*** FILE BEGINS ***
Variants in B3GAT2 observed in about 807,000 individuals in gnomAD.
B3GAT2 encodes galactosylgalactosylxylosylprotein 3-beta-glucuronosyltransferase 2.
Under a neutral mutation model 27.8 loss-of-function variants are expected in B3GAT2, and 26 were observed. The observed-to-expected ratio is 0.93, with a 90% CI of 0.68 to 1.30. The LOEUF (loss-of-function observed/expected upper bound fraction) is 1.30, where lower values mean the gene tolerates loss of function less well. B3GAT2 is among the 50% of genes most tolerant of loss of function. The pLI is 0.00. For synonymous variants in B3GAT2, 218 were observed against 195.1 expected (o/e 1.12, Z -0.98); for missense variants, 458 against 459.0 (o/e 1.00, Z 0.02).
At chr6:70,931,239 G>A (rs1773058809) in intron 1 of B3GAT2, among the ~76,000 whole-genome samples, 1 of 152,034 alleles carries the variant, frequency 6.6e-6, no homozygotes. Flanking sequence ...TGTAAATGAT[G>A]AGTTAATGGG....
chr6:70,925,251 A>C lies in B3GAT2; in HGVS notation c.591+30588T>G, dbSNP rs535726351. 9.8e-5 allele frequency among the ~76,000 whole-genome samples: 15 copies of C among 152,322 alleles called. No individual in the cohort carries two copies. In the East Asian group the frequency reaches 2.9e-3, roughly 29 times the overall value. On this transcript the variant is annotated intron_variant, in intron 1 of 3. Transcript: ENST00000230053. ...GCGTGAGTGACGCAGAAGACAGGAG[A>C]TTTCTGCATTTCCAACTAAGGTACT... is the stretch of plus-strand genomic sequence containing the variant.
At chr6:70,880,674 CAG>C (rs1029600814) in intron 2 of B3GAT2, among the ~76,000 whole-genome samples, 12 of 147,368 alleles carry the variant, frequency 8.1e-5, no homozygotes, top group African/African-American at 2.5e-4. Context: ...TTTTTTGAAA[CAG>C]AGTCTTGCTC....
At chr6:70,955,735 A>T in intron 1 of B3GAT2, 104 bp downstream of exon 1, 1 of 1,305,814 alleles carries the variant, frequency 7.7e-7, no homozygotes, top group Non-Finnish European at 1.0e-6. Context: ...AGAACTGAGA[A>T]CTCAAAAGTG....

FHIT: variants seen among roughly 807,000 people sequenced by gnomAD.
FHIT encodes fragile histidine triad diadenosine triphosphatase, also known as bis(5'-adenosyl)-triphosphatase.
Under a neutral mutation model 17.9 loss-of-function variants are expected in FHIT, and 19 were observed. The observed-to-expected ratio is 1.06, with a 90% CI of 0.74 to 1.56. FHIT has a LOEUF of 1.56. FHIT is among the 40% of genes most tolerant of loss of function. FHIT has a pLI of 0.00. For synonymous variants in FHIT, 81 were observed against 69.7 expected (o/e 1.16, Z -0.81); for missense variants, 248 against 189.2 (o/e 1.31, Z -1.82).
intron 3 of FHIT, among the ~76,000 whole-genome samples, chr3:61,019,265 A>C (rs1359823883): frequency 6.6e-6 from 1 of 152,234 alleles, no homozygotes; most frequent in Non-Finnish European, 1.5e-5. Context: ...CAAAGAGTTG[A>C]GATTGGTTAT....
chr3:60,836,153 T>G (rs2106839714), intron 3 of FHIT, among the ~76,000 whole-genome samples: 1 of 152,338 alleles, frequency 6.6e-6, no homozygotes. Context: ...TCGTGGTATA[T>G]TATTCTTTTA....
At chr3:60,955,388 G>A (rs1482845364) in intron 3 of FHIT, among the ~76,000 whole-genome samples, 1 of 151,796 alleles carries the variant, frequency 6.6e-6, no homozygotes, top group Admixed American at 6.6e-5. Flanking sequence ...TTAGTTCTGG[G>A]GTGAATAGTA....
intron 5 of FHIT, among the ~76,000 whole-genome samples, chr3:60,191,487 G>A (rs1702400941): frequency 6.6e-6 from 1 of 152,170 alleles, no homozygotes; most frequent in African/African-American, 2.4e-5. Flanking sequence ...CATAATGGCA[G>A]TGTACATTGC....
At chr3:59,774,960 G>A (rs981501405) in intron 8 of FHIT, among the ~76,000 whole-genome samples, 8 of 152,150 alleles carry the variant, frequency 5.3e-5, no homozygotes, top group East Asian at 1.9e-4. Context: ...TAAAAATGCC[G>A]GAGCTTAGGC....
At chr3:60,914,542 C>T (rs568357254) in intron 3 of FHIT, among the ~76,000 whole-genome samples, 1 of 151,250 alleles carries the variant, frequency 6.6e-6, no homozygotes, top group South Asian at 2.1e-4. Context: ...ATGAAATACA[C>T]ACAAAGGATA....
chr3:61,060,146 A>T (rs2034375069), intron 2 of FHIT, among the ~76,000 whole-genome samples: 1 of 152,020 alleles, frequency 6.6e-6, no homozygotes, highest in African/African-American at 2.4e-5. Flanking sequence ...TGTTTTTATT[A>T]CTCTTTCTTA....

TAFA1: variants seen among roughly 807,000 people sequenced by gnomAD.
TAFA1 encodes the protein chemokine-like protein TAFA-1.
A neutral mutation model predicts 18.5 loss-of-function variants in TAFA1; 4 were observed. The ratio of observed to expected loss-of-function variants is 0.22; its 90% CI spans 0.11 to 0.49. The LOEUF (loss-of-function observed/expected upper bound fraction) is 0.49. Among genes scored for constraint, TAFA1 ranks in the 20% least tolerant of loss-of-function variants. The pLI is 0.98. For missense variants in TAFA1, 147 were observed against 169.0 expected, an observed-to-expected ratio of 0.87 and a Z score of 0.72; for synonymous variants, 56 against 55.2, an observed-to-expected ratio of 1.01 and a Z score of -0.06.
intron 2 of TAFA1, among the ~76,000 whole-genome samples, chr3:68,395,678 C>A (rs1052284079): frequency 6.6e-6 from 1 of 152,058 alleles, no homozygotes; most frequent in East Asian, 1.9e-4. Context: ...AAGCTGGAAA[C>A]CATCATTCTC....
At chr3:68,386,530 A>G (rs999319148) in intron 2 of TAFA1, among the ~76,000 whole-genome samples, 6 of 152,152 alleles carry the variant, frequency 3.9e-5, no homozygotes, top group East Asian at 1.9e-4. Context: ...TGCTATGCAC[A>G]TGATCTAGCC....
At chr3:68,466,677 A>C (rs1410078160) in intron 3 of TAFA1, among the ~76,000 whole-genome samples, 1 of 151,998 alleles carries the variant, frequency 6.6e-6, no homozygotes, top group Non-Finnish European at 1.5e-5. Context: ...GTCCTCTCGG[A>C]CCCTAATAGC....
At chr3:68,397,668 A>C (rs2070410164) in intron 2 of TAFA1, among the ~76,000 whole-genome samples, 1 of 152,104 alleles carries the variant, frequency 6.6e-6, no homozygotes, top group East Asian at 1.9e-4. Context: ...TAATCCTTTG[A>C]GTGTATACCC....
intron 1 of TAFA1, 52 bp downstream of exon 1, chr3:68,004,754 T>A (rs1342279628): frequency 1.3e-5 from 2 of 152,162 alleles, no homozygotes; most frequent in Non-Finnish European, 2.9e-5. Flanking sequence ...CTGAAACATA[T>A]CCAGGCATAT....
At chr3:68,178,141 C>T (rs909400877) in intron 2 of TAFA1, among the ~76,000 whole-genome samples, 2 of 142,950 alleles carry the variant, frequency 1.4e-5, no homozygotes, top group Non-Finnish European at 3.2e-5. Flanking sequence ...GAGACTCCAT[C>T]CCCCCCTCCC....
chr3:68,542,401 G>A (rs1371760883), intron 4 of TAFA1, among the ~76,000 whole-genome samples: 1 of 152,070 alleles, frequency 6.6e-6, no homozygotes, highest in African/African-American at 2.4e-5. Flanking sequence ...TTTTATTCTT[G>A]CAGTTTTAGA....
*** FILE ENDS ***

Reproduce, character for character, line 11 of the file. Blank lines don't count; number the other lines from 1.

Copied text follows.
intron 3 of FHIT, among the ~76,000 whole-genome samples, chr3:61,019,265 A>C (rs1359823883): frequency 6.6e-6 from 1 of 152,234 alleles, no homozygotes; most frequent in Non-Finnish European, 1.5e-5. Context: ...CAAAGAGTTG[A>C]GATTGGTTAT....